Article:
Try and imagine being dead. It's cold and dark and silent. There's nothing. Nothing at all. You can't see anything, smell anything, taste anything. Also, you're not there. Can you contemplate the total absence of you? Go on, try. no. you're still there aren't you? This should be easy: it's something you experienced for the first 13 billion years of the Universe and yet the prospect of returning to that state of nothingness is unimaginable and fills us with fear.
And with all these thought swirling around in your mortal and decayable brain, it's time for some comedy!
We're All Going To Die! Is Richard Herring's tenth distinctive stand-up show in ten consecutive Fringes (surely a unique accolade?). Having sorted out politics (Hitler Moustache), religion (Christ on a Bike), love (What is Love, Anyway?) and penises (Talking Cock), he turns his taboo-busting eye to that undiscovered country from whose bourn no traveller returns (apart from Jesus and that bloke with the canoe) - Death.
What happens to us when we die?
Why do humans feel the need to make up fantastical after-lives?
Why does the devil willingly act as custodian of Hell, punishing the wicked and playing into God's hands?
Wouldn't the prospect of existing for eternity actually be much more horrific than being snuffed out, especially if you lost all physical pleasures? An infinity of pure thought with no pizza, booze or wanking?
Why do we treat death with such mawkish seriousness and confer new found sanctity on people we thought were idiots whilst they were walking around and still breathing?
Herring says, 'I am fascinated by any subject which people are reluctant to discuss openly or think we shouldn't joke about. Death is one of the few universal experiences for every human being and yet it's one that is shrouded in euphemism, mystery and terrified awe. Why shouldn't we discuss and laugh about this inevitability while we still can, if only to prepare ourselves for its devastating effects. I hope to show the humorous side of this subject whilst making people think about their attitudes towards it.'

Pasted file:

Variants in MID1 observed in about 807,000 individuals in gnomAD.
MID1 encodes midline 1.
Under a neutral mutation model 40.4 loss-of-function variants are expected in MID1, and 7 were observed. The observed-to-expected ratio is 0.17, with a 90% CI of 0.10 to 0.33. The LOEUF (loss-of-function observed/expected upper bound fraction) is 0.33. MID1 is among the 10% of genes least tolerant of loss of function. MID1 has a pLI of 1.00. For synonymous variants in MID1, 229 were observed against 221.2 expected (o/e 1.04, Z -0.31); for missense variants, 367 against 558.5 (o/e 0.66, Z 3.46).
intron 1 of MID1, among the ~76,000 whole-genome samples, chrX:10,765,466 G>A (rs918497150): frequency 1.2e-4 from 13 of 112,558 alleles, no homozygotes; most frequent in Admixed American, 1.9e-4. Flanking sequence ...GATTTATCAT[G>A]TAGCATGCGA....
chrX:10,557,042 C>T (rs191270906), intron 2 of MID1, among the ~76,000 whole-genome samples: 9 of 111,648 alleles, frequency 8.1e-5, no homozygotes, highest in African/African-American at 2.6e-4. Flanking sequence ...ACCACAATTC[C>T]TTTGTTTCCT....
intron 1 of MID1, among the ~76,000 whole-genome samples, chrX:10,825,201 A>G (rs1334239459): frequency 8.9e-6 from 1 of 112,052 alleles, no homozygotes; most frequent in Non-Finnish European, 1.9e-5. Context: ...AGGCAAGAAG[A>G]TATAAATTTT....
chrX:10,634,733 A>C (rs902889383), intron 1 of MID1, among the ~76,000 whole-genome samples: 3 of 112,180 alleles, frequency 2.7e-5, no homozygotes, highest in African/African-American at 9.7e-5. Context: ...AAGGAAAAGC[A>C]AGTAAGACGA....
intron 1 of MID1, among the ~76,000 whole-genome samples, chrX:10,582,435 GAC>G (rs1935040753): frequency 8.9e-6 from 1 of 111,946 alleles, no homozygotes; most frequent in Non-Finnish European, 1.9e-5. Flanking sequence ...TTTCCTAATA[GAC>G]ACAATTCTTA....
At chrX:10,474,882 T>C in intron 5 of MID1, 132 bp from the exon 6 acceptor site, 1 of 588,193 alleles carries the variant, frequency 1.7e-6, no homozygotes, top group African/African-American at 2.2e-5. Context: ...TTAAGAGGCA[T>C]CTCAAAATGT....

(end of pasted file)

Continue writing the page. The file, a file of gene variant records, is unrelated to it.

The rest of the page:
'We're All Going To Die!' can be a panic-inducing and terrifying scream, a blank statement of fact or a calming reassurance. Death is going to happen to all of us, let's accept it, try to stave it off for as long as possible and enjoy this precious and brief flash of light before the blessed relief of failing to exist and not having to worry about anything anymore.
Richard Herring first came to the Edinburgh Fringe in 1987 with the student revue 'The Seven Raymonds' (also featuring Stewart Lee). This year will be the 22nd Fringe he's performed at and his 35th and 36th shows (he is also hosting a daily podcast at The Stand). This has led many journalists to refer to him as 'The King of Edinburgh', a title which he is reluctant to embrace.
'We're All Going to Die!':
Venue: Pleasance Beyond
Date: 31st July - 25th August
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